SCENE II. The curtain rises, and discovers Tilbury Fort. Two Sentinels asleep on the ground, c.

Dan. Tilbury Fort!-very fine, indeed!

Puff. Now, what do

you think I open with?

Sneer. Faith, I can't guess

Puff. A clock.

Sneer. A clock !

Puff. Hark! [Clock strikes four.] I open with a clock striking, to beget an awful attention in the audience-it also marks the time, which is four o'clock in the morning, and saves a description of the rising sun, and a great deal about gilding the eastern hemisphere.

Dan. But, pray, are the sentinels to be asleep?
Puff. Fast as watchmen.

Sneer. Isn't that odd, though, at such an alarming crisis?

Puff. To be sure it is; but smaller things must give way to a striking scene at the opening; that's a rule. And the case is, that two great men are coming to this very spot to begin the piece; now, it is not to be supposed they would open their lips, if these fellows were watching them; so, egad, I must either have sent them off their posts, or set them asleep.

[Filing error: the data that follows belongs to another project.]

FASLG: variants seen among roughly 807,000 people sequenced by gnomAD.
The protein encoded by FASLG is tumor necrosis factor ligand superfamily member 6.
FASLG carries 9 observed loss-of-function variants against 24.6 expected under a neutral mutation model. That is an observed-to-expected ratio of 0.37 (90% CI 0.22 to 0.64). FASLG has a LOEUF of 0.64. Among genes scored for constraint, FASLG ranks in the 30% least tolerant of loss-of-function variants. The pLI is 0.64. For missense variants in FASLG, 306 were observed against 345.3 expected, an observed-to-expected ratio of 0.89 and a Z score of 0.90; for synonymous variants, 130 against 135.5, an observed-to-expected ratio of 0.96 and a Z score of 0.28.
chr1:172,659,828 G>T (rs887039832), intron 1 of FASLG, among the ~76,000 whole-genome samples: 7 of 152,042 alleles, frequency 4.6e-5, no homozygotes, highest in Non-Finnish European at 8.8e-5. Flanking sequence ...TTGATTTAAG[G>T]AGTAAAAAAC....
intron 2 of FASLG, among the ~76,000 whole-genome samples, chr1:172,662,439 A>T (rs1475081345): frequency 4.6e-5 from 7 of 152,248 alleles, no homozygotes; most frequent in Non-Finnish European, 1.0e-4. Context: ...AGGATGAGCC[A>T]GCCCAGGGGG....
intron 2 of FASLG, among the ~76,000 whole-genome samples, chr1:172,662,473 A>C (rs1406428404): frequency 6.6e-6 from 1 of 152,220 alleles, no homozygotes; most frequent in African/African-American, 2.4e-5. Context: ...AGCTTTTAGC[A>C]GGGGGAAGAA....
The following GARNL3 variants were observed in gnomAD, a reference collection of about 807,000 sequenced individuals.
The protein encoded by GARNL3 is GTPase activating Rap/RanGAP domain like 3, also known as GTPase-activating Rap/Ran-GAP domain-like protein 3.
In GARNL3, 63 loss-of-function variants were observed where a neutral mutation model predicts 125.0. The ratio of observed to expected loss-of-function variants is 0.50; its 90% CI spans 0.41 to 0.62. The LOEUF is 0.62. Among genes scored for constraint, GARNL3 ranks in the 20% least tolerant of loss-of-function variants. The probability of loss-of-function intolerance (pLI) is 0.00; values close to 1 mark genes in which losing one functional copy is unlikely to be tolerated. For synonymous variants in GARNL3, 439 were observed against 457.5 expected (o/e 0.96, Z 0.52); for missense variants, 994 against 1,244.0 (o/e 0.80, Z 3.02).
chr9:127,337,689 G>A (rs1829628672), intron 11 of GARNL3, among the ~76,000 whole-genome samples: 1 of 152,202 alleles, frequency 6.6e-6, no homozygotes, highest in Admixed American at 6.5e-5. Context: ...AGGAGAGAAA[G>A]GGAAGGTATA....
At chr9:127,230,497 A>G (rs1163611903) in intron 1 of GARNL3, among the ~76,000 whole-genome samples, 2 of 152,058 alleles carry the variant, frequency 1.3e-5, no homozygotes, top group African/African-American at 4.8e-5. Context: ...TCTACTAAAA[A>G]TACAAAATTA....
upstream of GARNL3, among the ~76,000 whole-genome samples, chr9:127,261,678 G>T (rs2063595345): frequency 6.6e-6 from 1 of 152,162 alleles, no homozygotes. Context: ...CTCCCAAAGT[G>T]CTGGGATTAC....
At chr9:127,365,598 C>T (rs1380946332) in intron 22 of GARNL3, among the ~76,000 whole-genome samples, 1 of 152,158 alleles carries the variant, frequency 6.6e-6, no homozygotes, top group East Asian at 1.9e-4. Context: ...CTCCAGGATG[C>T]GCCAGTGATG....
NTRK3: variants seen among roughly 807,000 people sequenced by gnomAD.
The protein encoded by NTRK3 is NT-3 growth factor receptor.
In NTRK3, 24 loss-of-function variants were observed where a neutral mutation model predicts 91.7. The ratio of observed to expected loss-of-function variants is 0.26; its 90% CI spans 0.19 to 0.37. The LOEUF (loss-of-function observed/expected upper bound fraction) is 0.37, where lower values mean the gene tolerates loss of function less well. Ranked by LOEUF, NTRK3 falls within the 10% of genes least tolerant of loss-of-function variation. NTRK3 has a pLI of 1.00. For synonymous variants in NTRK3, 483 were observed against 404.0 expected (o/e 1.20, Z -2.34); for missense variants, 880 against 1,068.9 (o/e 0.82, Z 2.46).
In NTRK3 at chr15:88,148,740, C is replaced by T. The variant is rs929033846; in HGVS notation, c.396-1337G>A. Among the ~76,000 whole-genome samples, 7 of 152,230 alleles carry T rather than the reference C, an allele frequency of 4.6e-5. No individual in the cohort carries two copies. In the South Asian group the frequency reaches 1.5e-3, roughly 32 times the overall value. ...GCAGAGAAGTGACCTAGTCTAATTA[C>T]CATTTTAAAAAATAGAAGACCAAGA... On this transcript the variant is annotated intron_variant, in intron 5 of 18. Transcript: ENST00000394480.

Sneer. Oh, that accounts for it !-But tell us, who are these coming?

Puff. These? They are-Sir Walter Raleigh, and Sir Christopher Hatton. You'll know Sir Christopher, by his turning out his toes-famous, you know, for his dancing. I like to preserve all the little traits of characNow, attend.



Sir C. True, gallant Raleigh!'

Dan. What, had they been talking before?

Puff. Oh, yes; all the way as they came along. I beg pardon, gentlemen, [To the Actors,] but these are particular friends of mine. Mr. Sneer and Mr. Dangle, Mr. Keeley and Mr. Meadows, both very promising gentlemen in their profession, I assure you. [The Actors take off their hats, and bow very low. I know it's against the rule to

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introduce strangers at a rehearsal, but as they are particular friends of mine, I thought you would excuse. Don't mind interrupting these fellows when any thing strikes you. [To Sneer and Dangle.